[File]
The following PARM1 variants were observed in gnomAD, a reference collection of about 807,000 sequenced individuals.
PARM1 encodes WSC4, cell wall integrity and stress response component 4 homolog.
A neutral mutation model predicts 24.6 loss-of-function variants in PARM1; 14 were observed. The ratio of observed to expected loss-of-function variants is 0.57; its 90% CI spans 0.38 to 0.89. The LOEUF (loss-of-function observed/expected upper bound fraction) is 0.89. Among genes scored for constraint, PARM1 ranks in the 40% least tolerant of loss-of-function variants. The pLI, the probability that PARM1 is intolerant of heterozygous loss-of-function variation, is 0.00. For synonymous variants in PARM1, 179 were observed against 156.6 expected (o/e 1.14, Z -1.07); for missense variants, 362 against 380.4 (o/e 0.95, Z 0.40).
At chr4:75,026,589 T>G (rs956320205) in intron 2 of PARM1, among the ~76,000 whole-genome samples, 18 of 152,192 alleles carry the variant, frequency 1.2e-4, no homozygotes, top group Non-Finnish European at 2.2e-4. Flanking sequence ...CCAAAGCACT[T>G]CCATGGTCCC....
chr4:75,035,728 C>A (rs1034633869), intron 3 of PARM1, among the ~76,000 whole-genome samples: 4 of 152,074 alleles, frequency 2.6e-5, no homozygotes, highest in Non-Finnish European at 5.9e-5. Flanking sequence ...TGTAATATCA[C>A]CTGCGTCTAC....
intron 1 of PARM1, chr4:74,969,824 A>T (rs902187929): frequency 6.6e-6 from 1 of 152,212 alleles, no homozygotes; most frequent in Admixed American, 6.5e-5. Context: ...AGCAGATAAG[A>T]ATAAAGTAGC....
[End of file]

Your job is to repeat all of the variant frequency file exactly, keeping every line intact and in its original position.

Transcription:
The following PARM1 variants were observed in gnomAD, a reference collection of about 807,000 sequenced individuals.
PARM1 encodes WSC4, cell wall integrity and stress response component 4 homolog.
A neutral mutation model predicts 24.6 loss-of-function variants in PARM1; 14 were observed. The ratio of observed to expected loss-of-function variants is 0.57; its 90% CI spans 0.38 to 0.89. The LOEUF (loss-of-function observed/expected upper bound fraction) is 0.89. Among genes scored for constraint, PARM1 ranks in the 40% least tolerant of loss-of-function variants. The pLI, the probability that PARM1 is intolerant of heterozygous loss-of-function variation, is 0.00. For synonymous variants in PARM1, 179 were observed against 156.6 expected (o/e 1.14, Z -1.07); for missense variants, 362 against 380.4 (o/e 0.95, Z 0.40).
At chr4:75,026,589 T>G (rs956320205) in intron 2 of PARM1, among the ~76,000 whole-genome samples, 18 of 152,192 alleles carry the variant, frequency 1.2e-4, no homozygotes, top group Non-Finnish European at 2.2e-4. Flanking sequence ...CCAAAGCACT[T>G]CCATGGTCCC....
chr4:75,035,728 C>A (rs1034633869), intron 3 of PARM1, among the ~76,000 whole-genome samples: 4 of 152,074 alleles, frequency 2.6e-5, no homozygotes, highest in Non-Finnish European at 5.9e-5. Flanking sequence ...TGTAATATCA[C>A]CTGCGTCTAC....
intron 1 of PARM1, chr4:74,969,824 A>T (rs902187929): frequency 6.6e-6 from 1 of 152,212 alleles, no homozygotes; most frequent in Admixed American, 6.5e-5. Context: ...AGCAGATAAG[A>T]ATAAAGTAGC....